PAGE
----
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Claude Marie Sautet
(1924-02-23)23 February 1924
Montrouge, Hauts-de-Seine, France
|Died||22 July 2000(2000-07-22) (aged 76)
Claude Sautet (23 February 1924 – 22 July 2000) was a French film director and screenwriter.
Born in Montrouge, Hauts-de-Seine, France, Sautet first studied painting and sculpture before attending a film university in Paris where he began his career and later became a television producer. His first movie, Hello Smile! (originally Bonjour Sourire) was released in 1956.
He earned international attention with The Things of Life (Les choses de la vie, 1970), which he wrote and directed, like the rest of his later films. Featuring Michel Piccoli in the male lead, it was shown in competition at the 1970 Cannes Festival. The film also revived the career of Romy Schneider; she acted in several of Sautet's later films. In his next film Max and the Junkmen (Max et les Ferrailleurs, 1971) Schneider played a prostitute, while in César and Rosalie (César et Rosalie, 1972) she portrayed a married woman who copes with the reappearance of an old flame.
Vincent, François, Paul and the Others (Vincent, Paul, François, et les Autres, 1974) is one of Sautet's most acclaimed films. Four middle-class men meet in the country every weekend mainly to discuss their lives. As well as Piccoli, it featured Yves Montand, Gérard Depardieu, and Stéphane Audran. Peter Bradshaw of The Guardian in a 2020 tribute article to Michel Piccoli thought it was "arguably the best" of the "five very well-regarded movies" on which the actor and director collaborated. Sautet achieved even further critical success with Mado (1976).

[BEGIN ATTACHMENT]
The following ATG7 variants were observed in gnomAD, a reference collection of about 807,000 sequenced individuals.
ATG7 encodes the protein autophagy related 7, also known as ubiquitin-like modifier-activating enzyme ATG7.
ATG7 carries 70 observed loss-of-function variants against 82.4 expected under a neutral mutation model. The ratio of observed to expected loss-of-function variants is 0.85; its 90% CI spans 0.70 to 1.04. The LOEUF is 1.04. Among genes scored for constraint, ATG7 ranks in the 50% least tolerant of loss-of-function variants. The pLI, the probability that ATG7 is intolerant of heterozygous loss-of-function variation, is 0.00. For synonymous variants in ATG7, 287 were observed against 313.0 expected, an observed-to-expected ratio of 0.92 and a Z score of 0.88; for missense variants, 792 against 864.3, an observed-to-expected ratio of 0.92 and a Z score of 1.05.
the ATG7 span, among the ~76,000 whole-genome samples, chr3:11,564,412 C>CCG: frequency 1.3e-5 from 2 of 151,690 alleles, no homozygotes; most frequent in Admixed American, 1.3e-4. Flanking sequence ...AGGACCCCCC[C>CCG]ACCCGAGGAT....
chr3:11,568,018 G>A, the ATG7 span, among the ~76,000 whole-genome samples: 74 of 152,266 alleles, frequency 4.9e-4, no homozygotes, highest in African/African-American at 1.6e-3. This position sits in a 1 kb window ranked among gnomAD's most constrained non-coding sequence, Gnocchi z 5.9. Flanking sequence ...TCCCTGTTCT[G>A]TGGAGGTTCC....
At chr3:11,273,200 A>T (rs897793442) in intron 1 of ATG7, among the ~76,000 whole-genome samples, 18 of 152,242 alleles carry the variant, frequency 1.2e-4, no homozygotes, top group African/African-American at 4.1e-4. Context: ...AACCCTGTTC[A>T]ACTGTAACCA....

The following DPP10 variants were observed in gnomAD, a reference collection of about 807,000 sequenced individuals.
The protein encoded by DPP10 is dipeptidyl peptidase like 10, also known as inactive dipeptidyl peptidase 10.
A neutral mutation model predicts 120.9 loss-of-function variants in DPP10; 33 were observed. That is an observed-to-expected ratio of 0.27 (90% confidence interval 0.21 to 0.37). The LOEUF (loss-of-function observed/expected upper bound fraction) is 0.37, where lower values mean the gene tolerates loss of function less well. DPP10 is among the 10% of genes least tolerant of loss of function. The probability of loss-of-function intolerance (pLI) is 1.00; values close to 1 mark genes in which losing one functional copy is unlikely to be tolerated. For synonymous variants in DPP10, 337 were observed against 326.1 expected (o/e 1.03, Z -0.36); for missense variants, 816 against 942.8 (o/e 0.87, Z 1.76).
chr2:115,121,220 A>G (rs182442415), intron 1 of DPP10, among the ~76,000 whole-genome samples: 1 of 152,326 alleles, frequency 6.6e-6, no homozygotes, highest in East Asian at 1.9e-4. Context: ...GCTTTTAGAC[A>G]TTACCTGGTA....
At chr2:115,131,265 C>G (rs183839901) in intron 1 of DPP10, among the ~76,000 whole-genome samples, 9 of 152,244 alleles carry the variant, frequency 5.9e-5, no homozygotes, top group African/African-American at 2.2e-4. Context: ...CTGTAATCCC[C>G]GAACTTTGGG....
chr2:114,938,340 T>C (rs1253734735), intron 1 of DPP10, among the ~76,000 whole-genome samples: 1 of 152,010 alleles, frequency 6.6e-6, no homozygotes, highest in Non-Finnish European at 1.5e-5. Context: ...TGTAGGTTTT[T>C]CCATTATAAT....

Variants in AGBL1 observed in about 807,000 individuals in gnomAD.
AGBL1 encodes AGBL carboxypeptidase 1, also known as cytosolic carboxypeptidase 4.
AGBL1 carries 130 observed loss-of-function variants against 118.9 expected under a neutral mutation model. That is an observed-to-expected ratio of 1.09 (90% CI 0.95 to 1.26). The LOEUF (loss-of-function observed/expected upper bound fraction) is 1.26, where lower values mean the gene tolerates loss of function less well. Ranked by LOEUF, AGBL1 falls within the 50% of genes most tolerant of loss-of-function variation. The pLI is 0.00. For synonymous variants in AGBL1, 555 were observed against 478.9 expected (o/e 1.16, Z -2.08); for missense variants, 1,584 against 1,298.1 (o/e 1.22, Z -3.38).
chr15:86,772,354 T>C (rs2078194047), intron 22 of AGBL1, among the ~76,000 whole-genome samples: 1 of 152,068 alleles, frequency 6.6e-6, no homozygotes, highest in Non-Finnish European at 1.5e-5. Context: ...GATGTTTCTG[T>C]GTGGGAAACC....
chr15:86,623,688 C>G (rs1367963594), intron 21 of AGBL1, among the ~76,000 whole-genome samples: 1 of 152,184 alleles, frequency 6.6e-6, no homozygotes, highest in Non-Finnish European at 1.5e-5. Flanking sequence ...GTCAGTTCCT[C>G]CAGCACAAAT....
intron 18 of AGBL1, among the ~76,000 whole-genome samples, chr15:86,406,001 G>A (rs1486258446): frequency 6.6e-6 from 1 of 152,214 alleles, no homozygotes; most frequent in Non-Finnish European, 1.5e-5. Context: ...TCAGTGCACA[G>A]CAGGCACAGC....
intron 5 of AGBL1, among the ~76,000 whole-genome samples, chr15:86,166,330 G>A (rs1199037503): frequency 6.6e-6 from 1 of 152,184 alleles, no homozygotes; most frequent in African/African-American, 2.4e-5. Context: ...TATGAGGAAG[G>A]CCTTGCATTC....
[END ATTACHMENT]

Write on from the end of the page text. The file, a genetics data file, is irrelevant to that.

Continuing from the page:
His film A Simple Story (Une Histoire simple, 1978) was nominated for an Academy Award for Best Foreign Language Film. The film featured Schneider again, this time as a dissatisfied working woman in her 40s. She won the César Award for Best Actress for her performance.
Claude Sautet won the Silver Lion at the Venice Film Festival and the César Award for Best Director for A Heart in Winter (Un cœur en hiver, 1992) and received the César once more for Nelly and Mr. Arnaud (Nelly et Monsieur Arnaud, 1995). Both films starred Emmanuelle Béart. Apart from his own directing, he also wrote screenplays for other directors.
- Bonjour sourire (1955)
- Classe tous risques (1960)
- L'arme à gauche (1965)
- Les choses de la vie (1970)
- Max et les ferrailleurs (1971)
- César et Rosalie (1972)
- Vincent, François, Paul et les autres (1974)
- Mado (1976)
- Une histoire simple (1978)
- Un mauvais fils (1980)
- Garçon! (1983)
- Quelques jours avec moi (1988)
- Un cœur en hiver (1992)
- Nelly et Monsieur Arnaud (1995)
- Les Yeux sans visage (1959), directed by Georges Franju (also first assistant director)
- Symphonie pour un massacre (1963), directed by Jacques Deray
- Peau de banane (1963), directed by Marcel Ophüls
- That Tender Age (1964), directed by Gilles Grangier
- Échappement libre (1964), directed by Jean Becker
- La Vie de château (1965), directed by Jean-Paul Rappeneau
- Mise à sac (1967), directed by Alain Cavalier
- Borsalino (1970), directed by Jacques Deray
- Les Mariés de l'an II (1971), directed by Jean-Paul Rappeneau
- Mon ami le traître (1988), directed by José Giovanni
- Bradshaw, Peter. "Michel Piccoli: a fierce, strong performer who became the object of cinephile fan-worship". The Guardian. London. Retrieved 22 May 2020.
- "The 52nd Academy Awards (1980) Nominees and Winners". oscars.org. Retrieved 8 June 2013.
- Obituaries in the Performing Arts, 2000: Film, Television, Radio, Theatre, Dance, Music, Cartoons and Pop Culture. 2008. ISBN 9780786452057.
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